Craig Murto: Should NASCAR time races?
NASCAR (as well as most other major sports) is concerned about its drop in TV ratings and at-the-track attendance.
These concerns have been ongoing. They’ve led to changes in how we determine a champion (The Chase) to how we run the races (Lucky Dog wave-arounds to get back on the lead lap, Caution Clock at Camping World Truck Series races) and even to the rules for the Cup cars (harder tires and less down force).
Now some are proposing a change that may be the most radical of all: Timed events.
Timed events are not uncommon in motorsports. We have six-, 12-, and 24-hour sports car races. Formula One races aren’t supposed to last longer than two hours, and if they get delayed officials turn to the clock to determine when the race ends rather than lap count. The same thing happens in IndyCar races on road courses, and many regional road racing events are measured in track time.
Even at local dirt and paved ovals, there have been timed events for lower divisions so that fans don’t have to watch 12 mini stocks roll around under caution for an hour while they wait for the Late Model feature. It’s not uncommon for lower divisions to be given a limit of 20 laps or 30 minutes, for example.
Motorcycle’s Supercross series opened last weekend at Anaheim, Calif., and utilized timed races rather than laps. Outdoor motocross has always used timed events, but this is the first time Supercross has gone to this system. The qualifying races were five minutes, the features were 15 minutes for the 250cc bikes and 20 minutes for the 450 class. The entire show fit nicely within the three-hour allotted TV time.
And that is precisely why some believe NASCAR should set time limits on their races, the fact that TV audiences and crowds at the track don’t have the patience to sit five hours for a race.
We’ve seen the move toward shorter races. Tracks such as Pocono and Dover shortened their races to 400 miles from 500. New Hampshire’s Cup race is 300 miles. And many races that use the traditional 500 as part of the race name are actually 500 kilometers.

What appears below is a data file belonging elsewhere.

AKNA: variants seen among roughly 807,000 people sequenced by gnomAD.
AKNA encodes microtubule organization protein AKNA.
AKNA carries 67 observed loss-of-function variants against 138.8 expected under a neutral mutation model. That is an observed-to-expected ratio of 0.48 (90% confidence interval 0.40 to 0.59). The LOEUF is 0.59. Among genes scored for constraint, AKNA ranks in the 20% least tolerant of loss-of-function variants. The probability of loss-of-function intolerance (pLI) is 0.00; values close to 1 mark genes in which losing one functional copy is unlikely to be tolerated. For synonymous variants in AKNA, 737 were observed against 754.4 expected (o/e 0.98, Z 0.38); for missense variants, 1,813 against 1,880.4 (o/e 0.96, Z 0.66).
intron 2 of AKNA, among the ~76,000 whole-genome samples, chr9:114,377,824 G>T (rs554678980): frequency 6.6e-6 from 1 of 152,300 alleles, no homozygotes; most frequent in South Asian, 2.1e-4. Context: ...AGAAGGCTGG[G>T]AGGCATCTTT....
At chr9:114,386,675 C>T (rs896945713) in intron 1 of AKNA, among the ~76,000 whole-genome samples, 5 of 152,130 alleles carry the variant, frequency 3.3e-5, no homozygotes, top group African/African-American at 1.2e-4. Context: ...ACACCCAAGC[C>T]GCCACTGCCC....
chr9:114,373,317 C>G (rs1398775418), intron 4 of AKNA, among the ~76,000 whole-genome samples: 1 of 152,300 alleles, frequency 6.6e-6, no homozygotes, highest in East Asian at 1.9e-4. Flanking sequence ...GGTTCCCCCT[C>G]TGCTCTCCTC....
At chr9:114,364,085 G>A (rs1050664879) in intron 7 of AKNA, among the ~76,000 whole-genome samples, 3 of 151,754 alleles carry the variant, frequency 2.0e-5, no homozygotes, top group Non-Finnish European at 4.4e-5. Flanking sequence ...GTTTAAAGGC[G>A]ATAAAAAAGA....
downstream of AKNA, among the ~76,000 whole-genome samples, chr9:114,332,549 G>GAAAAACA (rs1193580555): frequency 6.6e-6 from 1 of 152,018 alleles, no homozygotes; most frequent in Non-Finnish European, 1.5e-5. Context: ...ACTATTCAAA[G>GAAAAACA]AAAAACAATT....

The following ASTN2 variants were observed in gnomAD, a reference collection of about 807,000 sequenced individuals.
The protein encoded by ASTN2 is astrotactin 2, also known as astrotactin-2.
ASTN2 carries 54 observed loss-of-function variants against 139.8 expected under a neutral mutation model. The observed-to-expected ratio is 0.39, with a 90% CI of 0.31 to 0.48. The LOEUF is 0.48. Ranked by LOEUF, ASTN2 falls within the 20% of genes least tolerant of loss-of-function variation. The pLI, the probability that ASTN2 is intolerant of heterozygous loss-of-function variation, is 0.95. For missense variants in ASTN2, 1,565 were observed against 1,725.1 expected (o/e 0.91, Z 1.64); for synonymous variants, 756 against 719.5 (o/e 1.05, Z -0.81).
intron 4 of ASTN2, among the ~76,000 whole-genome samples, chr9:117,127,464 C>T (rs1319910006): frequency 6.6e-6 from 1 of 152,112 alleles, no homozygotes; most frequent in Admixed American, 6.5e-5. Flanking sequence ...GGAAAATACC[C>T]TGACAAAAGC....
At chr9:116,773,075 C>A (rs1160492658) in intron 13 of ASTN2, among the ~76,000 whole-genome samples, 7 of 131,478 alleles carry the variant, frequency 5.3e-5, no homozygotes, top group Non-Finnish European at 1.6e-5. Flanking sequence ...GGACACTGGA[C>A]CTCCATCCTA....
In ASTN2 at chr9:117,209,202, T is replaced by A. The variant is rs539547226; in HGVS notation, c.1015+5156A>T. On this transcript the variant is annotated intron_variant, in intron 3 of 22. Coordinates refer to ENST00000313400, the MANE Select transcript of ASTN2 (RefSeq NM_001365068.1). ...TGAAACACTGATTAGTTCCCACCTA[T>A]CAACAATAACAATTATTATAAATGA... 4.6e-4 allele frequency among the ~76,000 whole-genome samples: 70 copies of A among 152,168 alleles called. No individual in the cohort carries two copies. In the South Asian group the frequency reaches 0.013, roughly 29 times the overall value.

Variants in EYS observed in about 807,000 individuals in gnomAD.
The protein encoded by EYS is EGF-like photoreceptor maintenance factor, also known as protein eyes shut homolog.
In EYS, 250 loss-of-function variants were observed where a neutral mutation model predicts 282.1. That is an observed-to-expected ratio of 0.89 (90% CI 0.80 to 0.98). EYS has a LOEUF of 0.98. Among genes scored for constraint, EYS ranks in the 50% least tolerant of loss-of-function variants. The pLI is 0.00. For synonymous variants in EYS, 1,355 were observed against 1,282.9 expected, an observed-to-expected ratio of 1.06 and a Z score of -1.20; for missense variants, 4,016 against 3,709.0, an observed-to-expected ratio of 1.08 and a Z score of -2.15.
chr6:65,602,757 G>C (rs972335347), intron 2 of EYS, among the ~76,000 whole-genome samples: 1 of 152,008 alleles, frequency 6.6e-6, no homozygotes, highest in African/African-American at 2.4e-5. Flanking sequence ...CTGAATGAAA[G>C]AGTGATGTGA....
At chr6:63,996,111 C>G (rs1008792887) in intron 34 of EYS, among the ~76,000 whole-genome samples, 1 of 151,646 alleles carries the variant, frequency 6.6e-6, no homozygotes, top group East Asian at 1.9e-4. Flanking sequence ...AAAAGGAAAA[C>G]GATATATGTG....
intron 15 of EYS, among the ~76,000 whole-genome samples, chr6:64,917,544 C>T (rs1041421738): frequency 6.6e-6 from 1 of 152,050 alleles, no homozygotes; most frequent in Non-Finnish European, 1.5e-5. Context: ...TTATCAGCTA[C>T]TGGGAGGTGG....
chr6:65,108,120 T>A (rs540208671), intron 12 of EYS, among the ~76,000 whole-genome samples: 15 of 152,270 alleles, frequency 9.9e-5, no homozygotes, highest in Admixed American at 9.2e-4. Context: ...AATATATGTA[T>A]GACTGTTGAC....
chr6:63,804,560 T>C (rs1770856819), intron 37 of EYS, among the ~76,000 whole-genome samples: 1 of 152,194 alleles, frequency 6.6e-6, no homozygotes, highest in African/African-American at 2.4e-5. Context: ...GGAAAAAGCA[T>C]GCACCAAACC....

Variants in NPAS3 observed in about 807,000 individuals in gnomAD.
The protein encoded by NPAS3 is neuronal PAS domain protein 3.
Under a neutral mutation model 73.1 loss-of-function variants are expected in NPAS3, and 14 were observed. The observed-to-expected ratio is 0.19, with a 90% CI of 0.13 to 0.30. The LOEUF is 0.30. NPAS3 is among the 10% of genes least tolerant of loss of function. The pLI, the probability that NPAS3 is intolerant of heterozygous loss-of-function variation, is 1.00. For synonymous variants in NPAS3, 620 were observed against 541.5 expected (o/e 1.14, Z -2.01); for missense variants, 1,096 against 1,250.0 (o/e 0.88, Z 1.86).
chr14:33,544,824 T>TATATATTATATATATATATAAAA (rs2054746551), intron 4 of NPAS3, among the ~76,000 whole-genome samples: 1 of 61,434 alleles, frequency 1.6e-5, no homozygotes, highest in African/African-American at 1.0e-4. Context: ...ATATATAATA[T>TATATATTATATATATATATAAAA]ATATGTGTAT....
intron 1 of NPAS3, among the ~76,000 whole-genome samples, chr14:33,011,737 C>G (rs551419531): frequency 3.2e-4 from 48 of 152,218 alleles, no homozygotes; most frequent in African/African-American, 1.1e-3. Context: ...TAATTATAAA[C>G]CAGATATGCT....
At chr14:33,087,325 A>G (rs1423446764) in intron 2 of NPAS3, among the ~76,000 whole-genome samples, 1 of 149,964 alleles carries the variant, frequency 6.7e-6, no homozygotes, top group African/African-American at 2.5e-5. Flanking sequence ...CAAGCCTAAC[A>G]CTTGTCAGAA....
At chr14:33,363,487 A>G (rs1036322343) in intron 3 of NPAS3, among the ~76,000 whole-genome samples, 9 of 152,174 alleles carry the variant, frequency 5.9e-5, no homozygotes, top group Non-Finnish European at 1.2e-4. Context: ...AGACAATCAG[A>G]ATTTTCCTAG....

Current NASCAR fans will certainly rebel if NASCAR set a limit of, say, 2.5 hours per event so that it fit within a three-hour TV window. But the sad truth is that NASCAR shouldn’t be concerned with current fans; it needs to worry about new fans, without whom the sport will continue to decline. And younger people raised in a society that offers instant gratification, from fast food to streaming video on the internet on demand, are not likely to sit for five hours or more to watch a race broadcast.
Of course, there will be traditional events that should remain untouched. The Daytona 500 just won’t have the same appeal if it becomes a 500-kilometer race. The 600-mile race at Charlotte on Memorial Day weekend needs to remain, as does the Southern 500 at Darlington, which thankfully returned to its traditional Labor Day weekend.
But don’t be surprised if in the not-too-distant future, NASCAR implements time limits on some of its events. Perhaps it’ll start at the most likely spot, the road courses at Watkins Glen, N.Y., and Sonoma, Calif. Watkins Glen could be 80 laps or 2.5 hours, whichever comes first.
If NASCAR is smart, you will not hear about this type of change in 2017. Fans are frankly getting worn out with annual changes to the cars and to The Chase. Some will tell you they’ve had enough. In fact, race fans really enjoy complaining when things change, even when the changes are for the best. So to keep the peace and keep things positive for 2017, NASCAR would be ill-advised to set time limits on races anytime soon.
But don’t be surprised if in coming years NASCAR sets time limits. Maybe a road course event, or a track that currently doesn’t have a Cup race, such as Iowa Speedway, is awarded a race that becomes “The Two Hours of Iowa.” Maybe they’ll first experiment with it in the Camping World Truck Series or the Xfinity Series.
With Monster Energy coming in as the new sponsor for the Cup Series, the last thing NASCAR wants to see is more decline. If 2017 TV ratings don’t improve over 2016, don’t be surprised if timed races become a real possibility.
Veteran motorsports columnist Craig Murto is a Linden resident.